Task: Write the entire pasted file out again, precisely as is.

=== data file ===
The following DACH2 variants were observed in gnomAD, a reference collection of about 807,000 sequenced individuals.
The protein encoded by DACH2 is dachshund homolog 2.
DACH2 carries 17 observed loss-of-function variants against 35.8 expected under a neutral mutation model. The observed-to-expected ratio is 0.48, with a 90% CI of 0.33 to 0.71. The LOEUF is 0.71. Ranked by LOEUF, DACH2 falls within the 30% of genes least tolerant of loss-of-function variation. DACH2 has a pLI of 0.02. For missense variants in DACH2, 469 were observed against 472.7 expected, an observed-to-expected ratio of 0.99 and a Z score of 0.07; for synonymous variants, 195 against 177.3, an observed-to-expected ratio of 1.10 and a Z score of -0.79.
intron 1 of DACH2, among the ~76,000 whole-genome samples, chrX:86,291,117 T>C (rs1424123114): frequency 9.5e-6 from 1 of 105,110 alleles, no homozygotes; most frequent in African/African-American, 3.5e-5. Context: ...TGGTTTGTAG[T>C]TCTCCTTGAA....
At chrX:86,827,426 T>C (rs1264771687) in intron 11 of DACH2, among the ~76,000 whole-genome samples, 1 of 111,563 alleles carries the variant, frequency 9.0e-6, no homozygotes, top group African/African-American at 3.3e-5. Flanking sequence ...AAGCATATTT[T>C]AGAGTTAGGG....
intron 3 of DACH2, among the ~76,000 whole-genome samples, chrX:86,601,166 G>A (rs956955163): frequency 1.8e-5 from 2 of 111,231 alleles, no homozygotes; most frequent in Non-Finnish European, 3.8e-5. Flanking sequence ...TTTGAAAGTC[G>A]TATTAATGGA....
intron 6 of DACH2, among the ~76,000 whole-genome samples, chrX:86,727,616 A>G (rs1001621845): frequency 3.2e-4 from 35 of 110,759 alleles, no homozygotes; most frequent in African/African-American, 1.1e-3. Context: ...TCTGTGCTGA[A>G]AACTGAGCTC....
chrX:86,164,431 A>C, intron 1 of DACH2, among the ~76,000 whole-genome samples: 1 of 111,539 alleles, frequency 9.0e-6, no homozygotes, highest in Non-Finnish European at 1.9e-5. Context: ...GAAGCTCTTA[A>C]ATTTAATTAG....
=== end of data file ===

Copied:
The following DACH2 variants were observed in gnomAD, a reference collection of about 807,000 sequenced individuals.
The protein encoded by DACH2 is dachshund homolog 2.
DACH2 carries 17 observed loss-of-function variants against 35.8 expected under a neutral mutation model. The observed-to-expected ratio is 0.48, with a 90% CI of 0.33 to 0.71. The LOEUF is 0.71. Ranked by LOEUF, DACH2 falls within the 30% of genes least tolerant of loss-of-function variation. DACH2 has a pLI of 0.02. For missense variants in DACH2, 469 were observed against 472.7 expected, an observed-to-expected ratio of 0.99 and a Z score of 0.07; for synonymous variants, 195 against 177.3, an observed-to-expected ratio of 1.10 and a Z score of -0.79.
intron 1 of DACH2, among the ~76,000 whole-genome samples, chrX:86,291,117 T>C (rs1424123114): frequency 9.5e-6 from 1 of 105,110 alleles, no homozygotes; most frequent in African/African-American, 3.5e-5. Context: ...TGGTTTGTAG[T>C]TCTCCTTGAA....
At chrX:86,827,426 T>C (rs1264771687) in intron 11 of DACH2, among the ~76,000 whole-genome samples, 1 of 111,563 alleles carries the variant, frequency 9.0e-6, no homozygotes, top group African/African-American at 3.3e-5. Flanking sequence ...AAGCATATTT[T>C]AGAGTTAGGG....
intron 3 of DACH2, among the ~76,000 whole-genome samples, chrX:86,601,166 G>A (rs956955163): frequency 1.8e-5 from 2 of 111,231 alleles, no homozygotes; most frequent in Non-Finnish European, 3.8e-5. Flanking sequence ...TTTGAAAGTC[G>A]TATTAATGGA....
intron 6 of DACH2, among the ~76,000 whole-genome samples, chrX:86,727,616 A>G (rs1001621845): frequency 3.2e-4 from 35 of 110,759 alleles, no homozygotes; most frequent in African/African-American, 1.1e-3. Context: ...TCTGTGCTGA[A>G]AACTGAGCTC....
chrX:86,164,431 A>C, intron 1 of DACH2, among the ~76,000 whole-genome samples: 1 of 111,539 alleles, frequency 9.0e-6, no homozygotes, highest in Non-Finnish European at 1.9e-5. Context: ...GAAGCTCTTA[A>C]ATTTAATTAG....